There is a lot of bad information out there about the Powerball (now $1.5B!).
Q: What are the odds of winning?
A: 1 in 292 million. Winning numbers from Powerball are chosen by picking 5 balls from the first 69 balls (numbered 1 to 69) and a 6th ball from a second set of 26 balls (numbered 1 to 26). Each ticket costs $2.
Q: Should I play the lottery?
A: Maybe. You have the same probability of winning (1 in 292 million) any time you play. What is different is the payout. If you must play, play when there is a big payout. You have more competitors when the jackpot is high, but winning is relatively rare and you are still more likely to walk away with more winnings when the jackpot is high (even if you have to share the jackpot with others). You can win $1M if you get the first 5 numbers right, but keep in mind that the $1M does not increase if the jackpot gets bigger.
Bottom line: if you never play the lottery, this is a good time to buy a ticket.
Q: I’ve read that I should buy tickets Pennsylvania. Is Pennsylvania lucky?
A: No. Each ticket is equally likely to win regardless of where it was sold. There are some tax implications based on where you live and where you purchased your tickets. Don’t buy a ticket in New York if you don’t live there or you will have to pay New York income tax if you win.
Q: Will someone win?
A: It depends on how many tickets were purchased. 440M tickets were purchased for the January 9 lottery. Assuming that all tickets are randomly generated and 500M tickets are purchased this time, there is a 82% chance that someone will win. We can break down that 82% further: 31% chance of a single winner, 26% chance of two winners, 15% of 3 winners and 9.4% chance of 4+ winners.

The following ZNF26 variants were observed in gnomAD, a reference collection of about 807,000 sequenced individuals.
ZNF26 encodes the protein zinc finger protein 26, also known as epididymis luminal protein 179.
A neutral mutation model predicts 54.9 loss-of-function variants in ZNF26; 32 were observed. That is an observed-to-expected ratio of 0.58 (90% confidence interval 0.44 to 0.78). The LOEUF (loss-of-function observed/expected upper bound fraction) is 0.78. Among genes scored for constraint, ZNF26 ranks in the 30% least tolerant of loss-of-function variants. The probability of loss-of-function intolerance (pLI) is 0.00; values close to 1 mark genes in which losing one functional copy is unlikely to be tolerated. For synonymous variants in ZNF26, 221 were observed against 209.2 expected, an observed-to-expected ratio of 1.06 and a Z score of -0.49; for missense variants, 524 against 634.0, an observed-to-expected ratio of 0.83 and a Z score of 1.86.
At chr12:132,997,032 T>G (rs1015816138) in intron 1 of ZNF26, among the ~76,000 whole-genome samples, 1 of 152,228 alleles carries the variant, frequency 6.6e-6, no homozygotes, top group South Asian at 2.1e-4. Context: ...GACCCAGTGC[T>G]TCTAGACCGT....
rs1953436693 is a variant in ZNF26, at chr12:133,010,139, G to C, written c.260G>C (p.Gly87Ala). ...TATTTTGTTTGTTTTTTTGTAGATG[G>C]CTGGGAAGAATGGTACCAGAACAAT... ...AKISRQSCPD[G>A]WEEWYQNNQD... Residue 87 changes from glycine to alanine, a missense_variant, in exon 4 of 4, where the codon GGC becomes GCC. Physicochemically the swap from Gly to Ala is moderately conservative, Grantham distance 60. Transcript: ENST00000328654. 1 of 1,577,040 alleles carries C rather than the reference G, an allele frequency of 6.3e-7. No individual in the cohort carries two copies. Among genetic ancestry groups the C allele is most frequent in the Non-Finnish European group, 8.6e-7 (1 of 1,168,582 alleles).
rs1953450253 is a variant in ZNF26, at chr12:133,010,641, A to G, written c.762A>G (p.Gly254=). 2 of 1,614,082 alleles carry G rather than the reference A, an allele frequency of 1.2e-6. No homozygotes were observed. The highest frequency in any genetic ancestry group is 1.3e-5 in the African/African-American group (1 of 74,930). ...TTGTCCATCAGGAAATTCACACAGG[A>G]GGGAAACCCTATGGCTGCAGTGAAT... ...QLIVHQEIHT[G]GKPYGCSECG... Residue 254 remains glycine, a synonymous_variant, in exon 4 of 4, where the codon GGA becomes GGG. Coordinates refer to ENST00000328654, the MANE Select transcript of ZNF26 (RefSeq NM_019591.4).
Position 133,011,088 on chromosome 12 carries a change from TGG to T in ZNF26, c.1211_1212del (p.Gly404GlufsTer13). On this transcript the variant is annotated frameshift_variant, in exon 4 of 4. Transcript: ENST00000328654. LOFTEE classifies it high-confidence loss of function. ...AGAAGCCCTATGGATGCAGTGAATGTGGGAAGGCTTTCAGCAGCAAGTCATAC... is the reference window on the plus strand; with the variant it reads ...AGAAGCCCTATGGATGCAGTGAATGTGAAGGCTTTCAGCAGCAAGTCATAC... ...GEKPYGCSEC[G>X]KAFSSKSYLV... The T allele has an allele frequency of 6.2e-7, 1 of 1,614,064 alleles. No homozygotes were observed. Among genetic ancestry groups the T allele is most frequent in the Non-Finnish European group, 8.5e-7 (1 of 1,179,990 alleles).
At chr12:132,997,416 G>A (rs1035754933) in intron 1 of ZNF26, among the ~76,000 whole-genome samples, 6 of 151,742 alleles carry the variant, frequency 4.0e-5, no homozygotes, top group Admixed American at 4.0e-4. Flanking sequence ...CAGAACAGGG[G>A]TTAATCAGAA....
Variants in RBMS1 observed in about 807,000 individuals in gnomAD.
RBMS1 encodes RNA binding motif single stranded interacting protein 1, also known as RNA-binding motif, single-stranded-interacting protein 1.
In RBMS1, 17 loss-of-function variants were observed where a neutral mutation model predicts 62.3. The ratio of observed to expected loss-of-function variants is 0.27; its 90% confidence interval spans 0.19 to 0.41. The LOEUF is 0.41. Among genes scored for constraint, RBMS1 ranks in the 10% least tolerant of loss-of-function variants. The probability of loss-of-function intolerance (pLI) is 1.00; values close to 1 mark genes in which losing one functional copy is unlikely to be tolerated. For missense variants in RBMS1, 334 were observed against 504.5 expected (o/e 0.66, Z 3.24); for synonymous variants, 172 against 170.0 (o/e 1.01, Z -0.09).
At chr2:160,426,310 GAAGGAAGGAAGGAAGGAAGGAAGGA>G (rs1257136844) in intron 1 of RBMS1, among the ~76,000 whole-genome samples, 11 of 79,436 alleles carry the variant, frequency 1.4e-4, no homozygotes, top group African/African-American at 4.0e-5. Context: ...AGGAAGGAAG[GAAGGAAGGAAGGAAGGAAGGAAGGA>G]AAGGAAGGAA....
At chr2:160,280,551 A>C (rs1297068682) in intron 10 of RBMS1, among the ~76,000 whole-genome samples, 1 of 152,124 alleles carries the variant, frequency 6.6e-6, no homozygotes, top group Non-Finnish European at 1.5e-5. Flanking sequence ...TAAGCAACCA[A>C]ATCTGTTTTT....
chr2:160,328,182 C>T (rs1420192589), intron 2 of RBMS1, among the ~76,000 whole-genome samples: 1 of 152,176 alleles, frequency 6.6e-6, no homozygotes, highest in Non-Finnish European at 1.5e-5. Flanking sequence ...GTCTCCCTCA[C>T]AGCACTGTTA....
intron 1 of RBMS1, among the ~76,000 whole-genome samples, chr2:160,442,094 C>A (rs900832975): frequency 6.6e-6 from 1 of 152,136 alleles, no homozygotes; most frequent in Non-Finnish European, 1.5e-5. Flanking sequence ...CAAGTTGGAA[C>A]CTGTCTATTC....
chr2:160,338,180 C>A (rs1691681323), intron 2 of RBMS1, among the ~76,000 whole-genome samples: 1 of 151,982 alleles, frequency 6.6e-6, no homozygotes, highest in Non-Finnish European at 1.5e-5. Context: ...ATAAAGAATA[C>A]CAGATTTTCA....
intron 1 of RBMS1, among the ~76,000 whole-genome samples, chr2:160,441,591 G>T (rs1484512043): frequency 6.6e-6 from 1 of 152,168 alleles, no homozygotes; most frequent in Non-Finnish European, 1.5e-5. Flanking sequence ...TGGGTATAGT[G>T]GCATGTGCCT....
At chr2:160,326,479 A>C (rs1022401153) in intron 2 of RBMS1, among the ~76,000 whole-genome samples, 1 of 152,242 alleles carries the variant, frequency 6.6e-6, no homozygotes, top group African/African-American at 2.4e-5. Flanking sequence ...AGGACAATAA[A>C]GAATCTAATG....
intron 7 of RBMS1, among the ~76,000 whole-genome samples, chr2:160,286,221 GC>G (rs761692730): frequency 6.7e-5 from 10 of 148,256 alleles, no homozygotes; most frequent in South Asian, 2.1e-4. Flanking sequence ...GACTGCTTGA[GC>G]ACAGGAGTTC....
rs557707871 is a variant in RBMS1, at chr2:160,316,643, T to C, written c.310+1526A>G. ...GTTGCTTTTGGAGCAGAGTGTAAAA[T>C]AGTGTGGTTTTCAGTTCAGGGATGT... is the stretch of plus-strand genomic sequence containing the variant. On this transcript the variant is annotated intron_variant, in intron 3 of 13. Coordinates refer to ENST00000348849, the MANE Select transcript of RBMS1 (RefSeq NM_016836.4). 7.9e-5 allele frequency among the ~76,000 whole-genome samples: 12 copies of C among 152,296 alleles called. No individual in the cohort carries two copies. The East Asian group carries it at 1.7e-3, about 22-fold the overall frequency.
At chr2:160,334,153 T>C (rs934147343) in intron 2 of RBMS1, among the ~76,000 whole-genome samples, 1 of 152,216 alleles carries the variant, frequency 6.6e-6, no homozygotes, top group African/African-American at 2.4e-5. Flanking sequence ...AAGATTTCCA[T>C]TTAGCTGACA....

If 600M tickets are purchased, then there is a 87% someone will win.
If 700M tickets are purchased, then there is a 91% someone will win.
If 800M tickets are purchased, then there is a 93.5% someone will win.
If 900M tickets are purchased, then there is a 95% someone will win.
If 1B tickets are purchased, then there is a 97% someone will win.
So while it’s likely that someone will win, there is still a good chance the jackpot will roll over again.
Q: I read that 70% of winning tickets have been computer generated. Does this mean that I’m less likely to win if I pick my own numbers.
A: First of all, if 70% tickets sold are computer generated, then this a meaningless statement. Each ticket is equally likely to win, regardless of how the numbers were picked.
Q: Do you recommend picking the same numbers every time?
A: That doesn’t matter. Each combination of numbers is equally likely to win.
Q: An ABC News analysis of past Powerball winners suggests that 8, 54, 14, 39 and 13 have been drawn the most frequently. Should I select these numbers?
A: Not necessarily. Each combination of numbers is equally likely to win. Of course over time some numbers are drawn more than others because that is what true randomness looks like. However, the picks in the past give no insight into which numbers will be drawn next.